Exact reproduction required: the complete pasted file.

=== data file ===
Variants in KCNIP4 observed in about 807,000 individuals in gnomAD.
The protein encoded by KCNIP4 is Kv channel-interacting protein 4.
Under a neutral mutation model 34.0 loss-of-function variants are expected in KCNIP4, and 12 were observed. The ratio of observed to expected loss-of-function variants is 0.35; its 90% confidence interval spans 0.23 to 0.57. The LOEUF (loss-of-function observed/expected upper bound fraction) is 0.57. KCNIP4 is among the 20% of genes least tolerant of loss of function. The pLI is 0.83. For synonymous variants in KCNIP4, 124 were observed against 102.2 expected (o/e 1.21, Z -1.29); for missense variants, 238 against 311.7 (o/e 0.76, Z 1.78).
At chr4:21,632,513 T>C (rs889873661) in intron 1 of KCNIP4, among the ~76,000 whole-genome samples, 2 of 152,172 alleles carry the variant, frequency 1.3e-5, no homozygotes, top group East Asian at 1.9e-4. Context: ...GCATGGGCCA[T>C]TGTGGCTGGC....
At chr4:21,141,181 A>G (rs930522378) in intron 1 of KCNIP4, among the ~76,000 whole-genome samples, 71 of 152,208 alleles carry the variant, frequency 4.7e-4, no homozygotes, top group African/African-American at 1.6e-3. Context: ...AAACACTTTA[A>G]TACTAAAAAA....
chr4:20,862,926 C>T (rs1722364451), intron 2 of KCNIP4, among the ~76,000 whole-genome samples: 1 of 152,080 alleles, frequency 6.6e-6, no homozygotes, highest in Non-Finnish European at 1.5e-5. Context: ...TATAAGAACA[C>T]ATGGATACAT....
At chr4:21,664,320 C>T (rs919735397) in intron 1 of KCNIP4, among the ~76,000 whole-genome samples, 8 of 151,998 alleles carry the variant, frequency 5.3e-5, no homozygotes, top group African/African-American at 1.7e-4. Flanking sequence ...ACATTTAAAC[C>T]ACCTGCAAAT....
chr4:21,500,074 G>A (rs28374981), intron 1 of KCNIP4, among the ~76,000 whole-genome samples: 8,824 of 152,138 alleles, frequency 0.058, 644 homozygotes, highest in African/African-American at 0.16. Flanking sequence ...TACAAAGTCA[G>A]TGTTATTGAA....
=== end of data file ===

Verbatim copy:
Variants in KCNIP4 observed in about 807,000 individuals in gnomAD.
The protein encoded by KCNIP4 is Kv channel-interacting protein 4.
Under a neutral mutation model 34.0 loss-of-function variants are expected in KCNIP4, and 12 were observed. The ratio of observed to expected loss-of-function variants is 0.35; its 90% confidence interval spans 0.23 to 0.57. The LOEUF (loss-of-function observed/expected upper bound fraction) is 0.57. KCNIP4 is among the 20% of genes least tolerant of loss of function. The pLI is 0.83. For synonymous variants in KCNIP4, 124 were observed against 102.2 expected (o/e 1.21, Z -1.29); for missense variants, 238 against 311.7 (o/e 0.76, Z 1.78).
At chr4:21,632,513 T>C (rs889873661) in intron 1 of KCNIP4, among the ~76,000 whole-genome samples, 2 of 152,172 alleles carry the variant, frequency 1.3e-5, no homozygotes, top group East Asian at 1.9e-4. Context: ...GCATGGGCCA[T>C]TGTGGCTGGC....
At chr4:21,141,181 A>G (rs930522378) in intron 1 of KCNIP4, among the ~76,000 whole-genome samples, 71 of 152,208 alleles carry the variant, frequency 4.7e-4, no homozygotes, top group African/African-American at 1.6e-3. Context: ...AAACACTTTA[A>G]TACTAAAAAA....
chr4:20,862,926 C>T (rs1722364451), intron 2 of KCNIP4, among the ~76,000 whole-genome samples: 1 of 152,080 alleles, frequency 6.6e-6, no homozygotes, highest in Non-Finnish European at 1.5e-5. Context: ...TATAAGAACA[C>T]ATGGATACAT....
At chr4:21,664,320 C>T (rs919735397) in intron 1 of KCNIP4, among the ~76,000 whole-genome samples, 8 of 151,998 alleles carry the variant, frequency 5.3e-5, no homozygotes, top group African/African-American at 1.7e-4. Flanking sequence ...ACATTTAAAC[C>T]ACCTGCAAAT....
chr4:21,500,074 G>A (rs28374981), intron 1 of KCNIP4, among the ~76,000 whole-genome samples: 8,824 of 152,138 alleles, frequency 0.058, 644 homozygotes, highest in African/African-American at 0.16. Flanking sequence ...TACAAAGTCA[G>A]TGTTATTGAA....